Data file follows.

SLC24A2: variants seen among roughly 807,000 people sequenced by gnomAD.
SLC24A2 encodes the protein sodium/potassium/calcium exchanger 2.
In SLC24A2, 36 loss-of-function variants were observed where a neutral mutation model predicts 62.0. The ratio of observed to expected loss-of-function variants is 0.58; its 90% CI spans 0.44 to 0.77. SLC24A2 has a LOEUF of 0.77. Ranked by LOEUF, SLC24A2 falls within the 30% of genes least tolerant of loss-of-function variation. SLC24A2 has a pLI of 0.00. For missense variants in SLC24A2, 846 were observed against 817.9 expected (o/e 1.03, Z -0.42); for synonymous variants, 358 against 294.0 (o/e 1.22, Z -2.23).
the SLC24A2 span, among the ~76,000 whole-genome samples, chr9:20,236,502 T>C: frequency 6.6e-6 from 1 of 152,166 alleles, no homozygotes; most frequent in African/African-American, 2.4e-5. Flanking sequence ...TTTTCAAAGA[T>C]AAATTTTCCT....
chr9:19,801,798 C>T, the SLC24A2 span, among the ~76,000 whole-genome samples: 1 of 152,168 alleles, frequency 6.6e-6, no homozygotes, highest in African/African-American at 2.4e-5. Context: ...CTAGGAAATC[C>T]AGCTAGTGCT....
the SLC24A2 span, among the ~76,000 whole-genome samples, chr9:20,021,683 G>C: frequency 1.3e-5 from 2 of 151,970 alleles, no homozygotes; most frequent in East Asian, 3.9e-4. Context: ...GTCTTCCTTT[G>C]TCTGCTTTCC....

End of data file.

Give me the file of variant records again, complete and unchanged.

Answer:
SLC24A2: variants seen among roughly 807,000 people sequenced by gnomAD.
SLC24A2 encodes the protein sodium/potassium/calcium exchanger 2.
In SLC24A2, 36 loss-of-function variants were observed where a neutral mutation model predicts 62.0. The ratio of observed to expected loss-of-function variants is 0.58; its 90% CI spans 0.44 to 0.77. SLC24A2 has a LOEUF of 0.77. Ranked by LOEUF, SLC24A2 falls within the 30% of genes least tolerant of loss-of-function variation. SLC24A2 has a pLI of 0.00. For missense variants in SLC24A2, 846 were observed against 817.9 expected (o/e 1.03, Z -0.42); for synonymous variants, 358 against 294.0 (o/e 1.22, Z -2.23).
the SLC24A2 span, among the ~76,000 whole-genome samples, chr9:20,236,502 T>C: frequency 6.6e-6 from 1 of 152,166 alleles, no homozygotes; most frequent in African/African-American, 2.4e-5. Flanking sequence ...TTTTCAAAGA[T>C]AAATTTTCCT....
chr9:19,801,798 C>T, the SLC24A2 span, among the ~76,000 whole-genome samples: 1 of 152,168 alleles, frequency 6.6e-6, no homozygotes, highest in African/African-American at 2.4e-5. Context: ...CTAGGAAATC[C>T]AGCTAGTGCT....
the SLC24A2 span, among the ~76,000 whole-genome samples, chr9:20,021,683 G>C: frequency 1.3e-5 from 2 of 151,970 alleles, no homozygotes; most frequent in East Asian, 3.9e-4. Context: ...GTCTTCCTTT[G>C]TCTGCTTTCC....